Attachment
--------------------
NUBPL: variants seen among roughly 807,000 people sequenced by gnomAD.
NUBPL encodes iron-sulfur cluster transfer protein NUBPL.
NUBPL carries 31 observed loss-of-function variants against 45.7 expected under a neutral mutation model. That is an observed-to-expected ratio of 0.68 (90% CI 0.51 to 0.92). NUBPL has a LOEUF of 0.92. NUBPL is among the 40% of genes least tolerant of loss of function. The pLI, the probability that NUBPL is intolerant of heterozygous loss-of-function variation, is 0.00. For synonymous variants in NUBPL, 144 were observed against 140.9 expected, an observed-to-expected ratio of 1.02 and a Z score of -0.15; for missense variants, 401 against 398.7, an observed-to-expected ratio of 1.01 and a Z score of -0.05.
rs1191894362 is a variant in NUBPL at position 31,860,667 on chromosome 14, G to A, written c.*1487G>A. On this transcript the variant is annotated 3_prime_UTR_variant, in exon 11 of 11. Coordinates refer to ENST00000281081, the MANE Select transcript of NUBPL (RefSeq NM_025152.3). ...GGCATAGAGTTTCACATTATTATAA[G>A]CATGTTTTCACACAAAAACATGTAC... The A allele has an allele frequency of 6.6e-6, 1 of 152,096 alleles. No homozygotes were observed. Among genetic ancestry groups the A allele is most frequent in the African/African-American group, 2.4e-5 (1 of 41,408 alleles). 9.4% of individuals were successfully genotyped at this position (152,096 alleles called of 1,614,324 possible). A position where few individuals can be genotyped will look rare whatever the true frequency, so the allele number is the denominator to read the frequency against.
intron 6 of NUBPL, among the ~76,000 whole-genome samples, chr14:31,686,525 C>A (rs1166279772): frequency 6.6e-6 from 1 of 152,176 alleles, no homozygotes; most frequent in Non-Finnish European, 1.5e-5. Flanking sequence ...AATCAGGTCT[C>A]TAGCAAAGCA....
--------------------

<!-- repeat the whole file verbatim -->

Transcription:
NUBPL: variants seen among roughly 807,000 people sequenced by gnomAD.
NUBPL encodes iron-sulfur cluster transfer protein NUBPL.
NUBPL carries 31 observed loss-of-function variants against 45.7 expected under a neutral mutation model. That is an observed-to-expected ratio of 0.68 (90% CI 0.51 to 0.92). NUBPL has a LOEUF of 0.92. NUBPL is among the 40% of genes least tolerant of loss of function. The pLI, the probability that NUBPL is intolerant of heterozygous loss-of-function variation, is 0.00. For synonymous variants in NUBPL, 144 were observed against 140.9 expected, an observed-to-expected ratio of 1.02 and a Z score of -0.15; for missense variants, 401 against 398.7, an observed-to-expected ratio of 1.01 and a Z score of -0.05.
rs1191894362 is a variant in NUBPL at position 31,860,667 on chromosome 14, G to A, written c.*1487G>A. On this transcript the variant is annotated 3_prime_UTR_variant, in exon 11 of 11. Coordinates refer to ENST00000281081, the MANE Select transcript of NUBPL (RefSeq NM_025152.3). ...GGCATAGAGTTTCACATTATTATAA[G>A]CATGTTTTCACACAAAAACATGTAC... The A allele has an allele frequency of 6.6e-6, 1 of 152,096 alleles. No homozygotes were observed. Among genetic ancestry groups the A allele is most frequent in the African/African-American group, 2.4e-5 (1 of 41,408 alleles). 9.4% of individuals were successfully genotyped at this position (152,096 alleles called of 1,614,324 possible). A position where few individuals can be genotyped will look rare whatever the true frequency, so the allele number is the denominator to read the frequency against.
intron 6 of NUBPL, among the ~76,000 whole-genome samples, chr14:31,686,525 C>A (rs1166279772): frequency 6.6e-6 from 1 of 152,176 alleles, no homozygotes; most frequent in Non-Finnish European, 1.5e-5. Flanking sequence ...AATCAGGTCT[C>A]TAGCAAAGCA....